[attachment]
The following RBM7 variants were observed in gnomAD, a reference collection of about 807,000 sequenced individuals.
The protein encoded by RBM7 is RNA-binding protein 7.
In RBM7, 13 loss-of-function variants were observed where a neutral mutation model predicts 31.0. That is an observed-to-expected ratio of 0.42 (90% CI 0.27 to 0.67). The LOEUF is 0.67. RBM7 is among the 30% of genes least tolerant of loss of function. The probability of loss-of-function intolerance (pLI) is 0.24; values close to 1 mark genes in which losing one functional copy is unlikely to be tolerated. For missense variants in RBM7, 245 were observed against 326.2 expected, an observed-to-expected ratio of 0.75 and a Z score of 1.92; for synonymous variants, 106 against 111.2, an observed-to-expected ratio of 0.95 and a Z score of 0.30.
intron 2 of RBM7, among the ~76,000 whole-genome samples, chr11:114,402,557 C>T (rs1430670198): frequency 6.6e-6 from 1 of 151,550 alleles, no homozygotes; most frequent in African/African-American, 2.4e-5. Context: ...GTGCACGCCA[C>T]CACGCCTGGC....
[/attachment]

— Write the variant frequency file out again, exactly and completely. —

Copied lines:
The following RBM7 variants were observed in gnomAD, a reference collection of about 807,000 sequenced individuals.
The protein encoded by RBM7 is RNA-binding protein 7.
In RBM7, 13 loss-of-function variants were observed where a neutral mutation model predicts 31.0. That is an observed-to-expected ratio of 0.42 (90% CI 0.27 to 0.67). The LOEUF is 0.67. RBM7 is among the 30% of genes least tolerant of loss of function. The probability of loss-of-function intolerance (pLI) is 0.24; values close to 1 mark genes in which losing one functional copy is unlikely to be tolerated. For missense variants in RBM7, 245 were observed against 326.2 expected, an observed-to-expected ratio of 0.75 and a Z score of 1.92; for synonymous variants, 106 against 111.2, an observed-to-expected ratio of 0.95 and a Z score of 0.30.
intron 2 of RBM7, among the ~76,000 whole-genome samples, chr11:114,402,557 C>T (rs1430670198): frequency 6.6e-6 from 1 of 151,550 alleles, no homozygotes; most frequent in African/African-American, 2.4e-5. Context: ...GTGCACGCCA[C>T]CACGCCTGGC....